In 1865, James Clerk Maxwell published ‘A Dynamical Theory of the Electromagnetic Field,’ where he suggests that the electric and magnetic field travels through space as waves moving at the speed of light. He proposed that light is an undulation in the same medium that is the cause of electric and magnetic phenomena.
In the paper, Maxwell derives an electromagnetic wave equation with a velocity for light in close agreement with measurements made by experiment and deduces that light is an electromagnetic wave.
Those equations (originally 20, (elegantly reduced to four today) are essential for the understanding of photonics at macroscopic length scales. Even state-of-the-art nanoplasmonic studies exemplars of extremely interface-localized fields rely on their validity. However, this classical description neglects the intrinsic electronic length scales (of the order of ångström) associated with interfaces, leading to considerable discrepancies between classical predictions and experimental observations in systems with deeply nanoscale feature sizes, which are typically evident below about 10 to 20 nanometres.
Consequently, a general and unified framework for nanoscale electromagnetism remains absent.
In a new study, MIT scientists finally open up a path to understanding and modeling nanoscale electromagnetic phenomena. Scientists presented a model that extends the validity of the macroscopic electromagnetism into the nano regime.
In other words, scientists introduced a model that generalizes the boundary conditions by incorporating the electronic length scales in the form of so-called Feibelman d-parameters.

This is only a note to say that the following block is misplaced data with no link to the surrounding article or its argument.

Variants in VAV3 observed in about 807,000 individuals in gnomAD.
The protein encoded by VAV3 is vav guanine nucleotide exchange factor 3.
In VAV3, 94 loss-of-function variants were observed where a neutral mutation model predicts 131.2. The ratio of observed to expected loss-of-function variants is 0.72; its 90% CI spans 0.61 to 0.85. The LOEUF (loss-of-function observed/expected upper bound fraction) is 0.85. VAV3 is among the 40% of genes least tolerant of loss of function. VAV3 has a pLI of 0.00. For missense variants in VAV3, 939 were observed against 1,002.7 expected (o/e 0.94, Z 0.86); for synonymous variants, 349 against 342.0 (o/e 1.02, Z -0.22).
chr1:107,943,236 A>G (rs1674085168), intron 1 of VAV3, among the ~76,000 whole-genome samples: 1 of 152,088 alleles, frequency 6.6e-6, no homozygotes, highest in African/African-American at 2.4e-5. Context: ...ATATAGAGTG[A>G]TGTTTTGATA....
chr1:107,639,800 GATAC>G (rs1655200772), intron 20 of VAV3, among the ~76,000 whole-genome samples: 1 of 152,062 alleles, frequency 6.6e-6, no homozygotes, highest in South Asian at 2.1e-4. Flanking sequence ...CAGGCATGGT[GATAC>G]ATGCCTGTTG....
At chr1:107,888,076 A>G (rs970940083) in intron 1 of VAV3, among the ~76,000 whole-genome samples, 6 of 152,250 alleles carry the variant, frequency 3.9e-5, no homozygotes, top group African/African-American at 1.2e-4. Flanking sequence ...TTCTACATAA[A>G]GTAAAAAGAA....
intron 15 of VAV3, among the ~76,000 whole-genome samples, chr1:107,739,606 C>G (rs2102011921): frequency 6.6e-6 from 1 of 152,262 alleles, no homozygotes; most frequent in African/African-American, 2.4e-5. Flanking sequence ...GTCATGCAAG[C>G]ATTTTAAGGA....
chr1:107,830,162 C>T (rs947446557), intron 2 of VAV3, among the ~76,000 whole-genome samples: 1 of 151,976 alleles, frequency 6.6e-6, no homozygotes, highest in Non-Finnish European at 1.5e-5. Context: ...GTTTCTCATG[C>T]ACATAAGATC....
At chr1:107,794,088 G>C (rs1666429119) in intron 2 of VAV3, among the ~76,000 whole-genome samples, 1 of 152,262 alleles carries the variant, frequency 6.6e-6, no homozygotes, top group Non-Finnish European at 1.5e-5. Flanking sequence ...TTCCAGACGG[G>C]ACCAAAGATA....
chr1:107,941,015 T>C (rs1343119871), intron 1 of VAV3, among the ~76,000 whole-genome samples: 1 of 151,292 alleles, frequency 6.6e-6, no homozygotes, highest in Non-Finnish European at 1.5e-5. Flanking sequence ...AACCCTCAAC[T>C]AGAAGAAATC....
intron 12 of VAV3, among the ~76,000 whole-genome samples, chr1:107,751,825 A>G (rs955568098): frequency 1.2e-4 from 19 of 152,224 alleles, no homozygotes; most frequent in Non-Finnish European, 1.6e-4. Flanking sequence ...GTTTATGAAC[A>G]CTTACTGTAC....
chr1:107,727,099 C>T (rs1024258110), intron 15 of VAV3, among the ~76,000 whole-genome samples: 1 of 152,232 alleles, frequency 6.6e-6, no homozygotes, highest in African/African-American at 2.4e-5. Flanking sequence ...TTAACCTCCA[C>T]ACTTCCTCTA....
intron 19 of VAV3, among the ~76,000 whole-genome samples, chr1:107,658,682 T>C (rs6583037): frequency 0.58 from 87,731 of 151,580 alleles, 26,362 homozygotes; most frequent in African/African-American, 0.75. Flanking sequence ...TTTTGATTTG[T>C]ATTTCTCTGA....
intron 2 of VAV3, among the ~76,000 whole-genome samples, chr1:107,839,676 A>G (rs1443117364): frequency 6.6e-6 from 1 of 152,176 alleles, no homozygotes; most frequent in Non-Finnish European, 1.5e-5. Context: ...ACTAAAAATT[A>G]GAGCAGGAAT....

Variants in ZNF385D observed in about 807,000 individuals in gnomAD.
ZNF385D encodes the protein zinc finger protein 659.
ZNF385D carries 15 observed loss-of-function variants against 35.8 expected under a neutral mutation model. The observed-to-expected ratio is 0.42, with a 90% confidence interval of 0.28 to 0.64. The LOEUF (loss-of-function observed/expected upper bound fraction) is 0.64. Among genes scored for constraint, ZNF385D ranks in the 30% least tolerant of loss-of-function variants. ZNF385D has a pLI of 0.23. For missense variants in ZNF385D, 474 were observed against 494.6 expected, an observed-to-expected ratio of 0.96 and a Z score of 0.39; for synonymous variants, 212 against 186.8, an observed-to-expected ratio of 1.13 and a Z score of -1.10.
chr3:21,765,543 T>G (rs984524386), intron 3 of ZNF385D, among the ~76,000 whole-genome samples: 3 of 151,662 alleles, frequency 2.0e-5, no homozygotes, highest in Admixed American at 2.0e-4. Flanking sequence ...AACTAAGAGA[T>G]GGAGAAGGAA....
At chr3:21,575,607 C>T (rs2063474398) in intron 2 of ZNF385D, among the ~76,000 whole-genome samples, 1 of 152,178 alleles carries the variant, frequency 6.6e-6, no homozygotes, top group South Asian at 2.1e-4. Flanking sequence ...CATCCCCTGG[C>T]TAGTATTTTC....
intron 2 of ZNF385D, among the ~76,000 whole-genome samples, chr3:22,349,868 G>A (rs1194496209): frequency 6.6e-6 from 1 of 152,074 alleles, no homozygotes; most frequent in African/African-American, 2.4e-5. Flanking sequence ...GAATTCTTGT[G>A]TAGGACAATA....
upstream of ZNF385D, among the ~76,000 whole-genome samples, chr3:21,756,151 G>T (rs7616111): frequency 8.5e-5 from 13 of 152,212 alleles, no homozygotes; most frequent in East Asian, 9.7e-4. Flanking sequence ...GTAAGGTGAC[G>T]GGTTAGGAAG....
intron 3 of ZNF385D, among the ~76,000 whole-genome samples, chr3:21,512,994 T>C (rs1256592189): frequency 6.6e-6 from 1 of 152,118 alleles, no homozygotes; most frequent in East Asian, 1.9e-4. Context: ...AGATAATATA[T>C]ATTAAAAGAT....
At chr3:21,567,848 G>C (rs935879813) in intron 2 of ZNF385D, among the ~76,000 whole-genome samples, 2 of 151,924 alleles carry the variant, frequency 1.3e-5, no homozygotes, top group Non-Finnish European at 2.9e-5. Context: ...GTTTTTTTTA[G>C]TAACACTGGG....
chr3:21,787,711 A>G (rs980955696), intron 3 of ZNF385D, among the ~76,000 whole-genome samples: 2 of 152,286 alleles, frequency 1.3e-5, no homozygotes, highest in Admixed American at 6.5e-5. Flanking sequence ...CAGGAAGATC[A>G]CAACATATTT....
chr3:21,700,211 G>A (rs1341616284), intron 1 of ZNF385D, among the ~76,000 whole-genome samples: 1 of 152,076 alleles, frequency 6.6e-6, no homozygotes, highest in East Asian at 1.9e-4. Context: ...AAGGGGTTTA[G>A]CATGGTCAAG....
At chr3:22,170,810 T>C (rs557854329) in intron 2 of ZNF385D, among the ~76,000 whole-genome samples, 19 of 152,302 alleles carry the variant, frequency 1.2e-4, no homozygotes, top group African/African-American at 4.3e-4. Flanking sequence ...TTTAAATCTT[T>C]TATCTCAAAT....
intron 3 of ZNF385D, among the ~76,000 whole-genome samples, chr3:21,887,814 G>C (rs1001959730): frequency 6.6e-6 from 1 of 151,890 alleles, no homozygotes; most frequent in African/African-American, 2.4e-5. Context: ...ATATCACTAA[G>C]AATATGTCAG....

The d-parameters assume a job that is analogous from that of the permittivity, yet for interfaces. As far as numerical displaying, it is essential to match every two-material interface with related Feibelman d-parameters and illuminate Maxwell’s conditions with the new boundary conditions.
During the experiment, scientists examined film-coupled nanoresonators, a quintessential multiscale architecture. The experimental setup was chosen because of its nonclassical nature.
Recently graduated postdoc and lead author Yi Yang says said, “Even so, When we built our experiment, we were lucky enough to run into the right geometry that enabled us to observe the pronounced nonclassical features, which were unexpected and excited everyone. These features eventually enabled us to measure the d-parameters, which are hard to compute for some important plasmonic materials like gold (as in our case).”
MIT Professor Marin Soljacic is enthusiastic: “We expect this work to have a substantial impact. The framework we present opens a new chapter for cutting-edge nanoplasmonics—the study of optical phenomena in the nanoscale vicinity of metal surfaces—and nanophotonics—the behavior of light on the nanometer scale—and for controlling the interaction of nanometer-scale objects with light.”
Scientists presented their findings in the journal Nature.